Despite an increasing number of short term rentals, Fernie’s long-term rental vacancy rate is a relatively stable 3.4 per cent, says a new report by CitySpaces Consulting.
“This is indicative of a relatively healthy market, where there is competition among landlords to attract renters,” said the report.
CitySpaces noted that metropolitan areas of Vancouver and Victoria have rates well below one per cent.
However, rental rates have continued to increase for all unit sizes since the city’s last affordable housing strategy was published in 2007, said representatives from CitySpaces Consulting in a presentation to council on June 12.
Without spending more than 30 per cent of a median income, couples of all ages would be able to rent one, two and three bedroom units, while single people would only be able to rent a one bedroom apartment, found the report.
Citing data from the Canadian Mortgage Housing Corporation (CMHC), which reports on average rents and vacancy rates for communities across the country, the report found there were a total of 209 rental units in Fernie in 2016 distributed in 20 structures.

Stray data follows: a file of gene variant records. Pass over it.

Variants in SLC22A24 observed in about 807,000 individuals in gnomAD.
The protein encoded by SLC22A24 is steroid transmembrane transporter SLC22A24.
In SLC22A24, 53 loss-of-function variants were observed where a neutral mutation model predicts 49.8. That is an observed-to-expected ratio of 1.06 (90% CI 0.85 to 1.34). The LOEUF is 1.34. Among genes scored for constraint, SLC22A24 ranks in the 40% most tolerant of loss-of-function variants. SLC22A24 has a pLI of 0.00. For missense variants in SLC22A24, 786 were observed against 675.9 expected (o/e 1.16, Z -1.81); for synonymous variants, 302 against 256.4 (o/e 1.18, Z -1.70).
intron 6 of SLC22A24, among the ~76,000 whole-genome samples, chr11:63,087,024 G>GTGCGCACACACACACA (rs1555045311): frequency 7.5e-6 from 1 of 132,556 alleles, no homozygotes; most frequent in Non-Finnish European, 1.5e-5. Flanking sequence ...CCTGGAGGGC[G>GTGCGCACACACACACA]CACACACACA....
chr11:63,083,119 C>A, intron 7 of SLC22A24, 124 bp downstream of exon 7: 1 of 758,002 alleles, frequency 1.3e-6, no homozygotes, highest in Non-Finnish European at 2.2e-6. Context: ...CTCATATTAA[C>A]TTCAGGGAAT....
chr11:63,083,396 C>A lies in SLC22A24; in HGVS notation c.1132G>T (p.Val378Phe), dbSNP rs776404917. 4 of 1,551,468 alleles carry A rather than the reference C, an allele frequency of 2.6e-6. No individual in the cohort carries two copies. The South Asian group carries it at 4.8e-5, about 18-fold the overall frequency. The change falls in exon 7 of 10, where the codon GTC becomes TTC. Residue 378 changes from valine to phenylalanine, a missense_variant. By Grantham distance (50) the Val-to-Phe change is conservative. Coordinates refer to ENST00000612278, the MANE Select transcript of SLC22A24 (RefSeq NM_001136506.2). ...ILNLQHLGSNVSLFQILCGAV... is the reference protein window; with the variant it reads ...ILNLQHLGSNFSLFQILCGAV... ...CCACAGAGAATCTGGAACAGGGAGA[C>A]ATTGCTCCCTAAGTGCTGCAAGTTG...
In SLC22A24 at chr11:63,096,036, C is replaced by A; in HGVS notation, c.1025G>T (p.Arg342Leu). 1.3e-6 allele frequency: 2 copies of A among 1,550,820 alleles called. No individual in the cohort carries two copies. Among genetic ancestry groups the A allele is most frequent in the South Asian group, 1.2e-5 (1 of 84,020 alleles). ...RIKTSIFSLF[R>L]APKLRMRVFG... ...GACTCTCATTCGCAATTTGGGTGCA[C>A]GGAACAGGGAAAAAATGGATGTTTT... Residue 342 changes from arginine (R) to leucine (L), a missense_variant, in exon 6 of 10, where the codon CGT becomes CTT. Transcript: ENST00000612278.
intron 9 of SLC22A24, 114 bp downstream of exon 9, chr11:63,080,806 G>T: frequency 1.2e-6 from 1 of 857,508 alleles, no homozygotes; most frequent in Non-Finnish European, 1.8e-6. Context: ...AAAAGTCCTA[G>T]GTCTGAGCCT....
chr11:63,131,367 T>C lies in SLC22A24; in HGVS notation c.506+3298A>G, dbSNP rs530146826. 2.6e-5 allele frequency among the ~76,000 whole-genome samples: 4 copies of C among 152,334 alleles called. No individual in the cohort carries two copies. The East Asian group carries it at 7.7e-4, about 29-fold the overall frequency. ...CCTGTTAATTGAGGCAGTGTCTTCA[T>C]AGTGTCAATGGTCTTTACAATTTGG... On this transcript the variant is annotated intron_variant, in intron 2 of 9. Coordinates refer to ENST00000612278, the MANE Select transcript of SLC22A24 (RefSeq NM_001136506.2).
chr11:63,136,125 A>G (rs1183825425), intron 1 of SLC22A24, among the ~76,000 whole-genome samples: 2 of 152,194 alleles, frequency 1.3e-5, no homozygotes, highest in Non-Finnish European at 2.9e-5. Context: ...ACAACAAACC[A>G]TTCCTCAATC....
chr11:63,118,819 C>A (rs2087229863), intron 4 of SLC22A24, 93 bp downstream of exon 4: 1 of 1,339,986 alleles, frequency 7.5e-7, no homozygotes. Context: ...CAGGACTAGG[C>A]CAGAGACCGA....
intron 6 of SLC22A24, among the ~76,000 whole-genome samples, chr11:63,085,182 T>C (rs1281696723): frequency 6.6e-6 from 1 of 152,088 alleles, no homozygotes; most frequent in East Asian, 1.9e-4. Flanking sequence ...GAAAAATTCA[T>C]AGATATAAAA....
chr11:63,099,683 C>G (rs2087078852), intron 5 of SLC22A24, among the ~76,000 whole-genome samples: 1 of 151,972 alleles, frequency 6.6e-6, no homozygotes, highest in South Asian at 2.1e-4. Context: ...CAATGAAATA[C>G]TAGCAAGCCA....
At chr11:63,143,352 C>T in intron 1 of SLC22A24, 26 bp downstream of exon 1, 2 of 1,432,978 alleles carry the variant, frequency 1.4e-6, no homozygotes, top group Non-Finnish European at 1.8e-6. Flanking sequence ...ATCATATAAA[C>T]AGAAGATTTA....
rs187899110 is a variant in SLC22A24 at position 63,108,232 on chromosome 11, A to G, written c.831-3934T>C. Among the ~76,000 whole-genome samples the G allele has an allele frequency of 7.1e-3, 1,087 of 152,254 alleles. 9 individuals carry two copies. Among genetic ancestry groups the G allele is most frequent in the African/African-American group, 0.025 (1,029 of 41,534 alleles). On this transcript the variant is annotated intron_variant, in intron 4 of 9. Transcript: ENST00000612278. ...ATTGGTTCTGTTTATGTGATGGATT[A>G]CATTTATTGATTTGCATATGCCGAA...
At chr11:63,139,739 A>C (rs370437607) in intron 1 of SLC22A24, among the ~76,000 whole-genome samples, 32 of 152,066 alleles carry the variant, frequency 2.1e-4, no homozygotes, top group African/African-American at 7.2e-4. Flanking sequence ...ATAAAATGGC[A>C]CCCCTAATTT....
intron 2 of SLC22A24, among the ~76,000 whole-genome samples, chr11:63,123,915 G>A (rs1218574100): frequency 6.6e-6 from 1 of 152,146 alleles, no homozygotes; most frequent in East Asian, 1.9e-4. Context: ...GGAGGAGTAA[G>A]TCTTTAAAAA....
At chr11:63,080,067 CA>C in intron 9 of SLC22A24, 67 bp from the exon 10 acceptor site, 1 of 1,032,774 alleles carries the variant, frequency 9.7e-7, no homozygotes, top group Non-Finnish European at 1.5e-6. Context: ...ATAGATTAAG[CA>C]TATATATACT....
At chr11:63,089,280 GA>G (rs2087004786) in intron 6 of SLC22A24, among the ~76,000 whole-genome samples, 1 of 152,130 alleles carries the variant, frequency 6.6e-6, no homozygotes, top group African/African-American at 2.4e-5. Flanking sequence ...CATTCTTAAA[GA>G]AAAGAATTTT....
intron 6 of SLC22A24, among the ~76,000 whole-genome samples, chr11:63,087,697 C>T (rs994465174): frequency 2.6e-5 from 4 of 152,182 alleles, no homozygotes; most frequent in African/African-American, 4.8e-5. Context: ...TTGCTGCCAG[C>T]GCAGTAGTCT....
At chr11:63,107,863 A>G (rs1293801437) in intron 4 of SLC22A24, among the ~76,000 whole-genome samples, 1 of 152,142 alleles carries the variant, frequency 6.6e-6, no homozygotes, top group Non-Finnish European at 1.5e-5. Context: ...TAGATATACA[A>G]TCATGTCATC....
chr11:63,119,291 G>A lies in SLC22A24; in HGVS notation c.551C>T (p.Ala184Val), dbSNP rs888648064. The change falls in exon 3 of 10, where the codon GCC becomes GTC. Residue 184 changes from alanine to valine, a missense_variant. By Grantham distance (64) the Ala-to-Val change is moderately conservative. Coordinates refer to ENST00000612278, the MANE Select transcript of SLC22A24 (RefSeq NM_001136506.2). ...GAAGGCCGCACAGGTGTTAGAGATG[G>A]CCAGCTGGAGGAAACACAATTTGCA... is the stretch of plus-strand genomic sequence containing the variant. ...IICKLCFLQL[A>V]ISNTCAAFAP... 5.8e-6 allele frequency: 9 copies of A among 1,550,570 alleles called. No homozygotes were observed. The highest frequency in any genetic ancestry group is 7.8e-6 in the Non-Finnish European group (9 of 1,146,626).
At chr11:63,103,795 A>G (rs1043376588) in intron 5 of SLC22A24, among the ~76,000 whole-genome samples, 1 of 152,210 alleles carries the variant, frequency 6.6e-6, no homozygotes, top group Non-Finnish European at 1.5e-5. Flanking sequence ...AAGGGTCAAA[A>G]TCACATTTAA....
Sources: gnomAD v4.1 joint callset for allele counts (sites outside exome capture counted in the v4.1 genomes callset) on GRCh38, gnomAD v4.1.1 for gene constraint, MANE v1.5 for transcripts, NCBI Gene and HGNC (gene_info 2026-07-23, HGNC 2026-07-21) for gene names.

Two-bedroom units made up the majority of rental units (68 per cent). One bedroom and three bedroom units made up the remainder of Fernie’s rental market (24 per cent and 8 per cent, respectively).
Between 2013 and 2016, the total number of rental units available in the City of Fernie decreased from 220 to 209, a net loss of 11 units. Six of these units were in the form of two-bedroom suites. The overall decrease may be attributed to a loss of two rental structures within the three-year period.
The report also found that short-term rentals, including Airbnb and VRBO, have become increasingly common in the community. Short-term rental rates were found from $36 per night for a private room or shared space, to upwards of $1,200 per week for a three-bedroom townhouse or detached home. The report said there were approximately 130 Airbnb rental listings in the Fernie area in January.
Regarding home ownership, the report found that single parent families earning the median income in Fernie have less ability to buy a home when compared to couples.
Single parents under the age of 64 were found to be completely priced-out of the housing market. Those aged 45 to 54 were upwards of $47,000 shy of being able to purchase an apartment priced at $241,000.
Housing sale prices have been relatively stable since 2009 although there was an uptick in 2016. The average sale prices in 2016 were $479,850 for a single detached home, $449,400 for a townhouse, and $241,000 for a condominium.
The city’s current affordable housing strategy was developed in 2007 and has become dated, said the city. A multi-stage process is underway to develop a new one.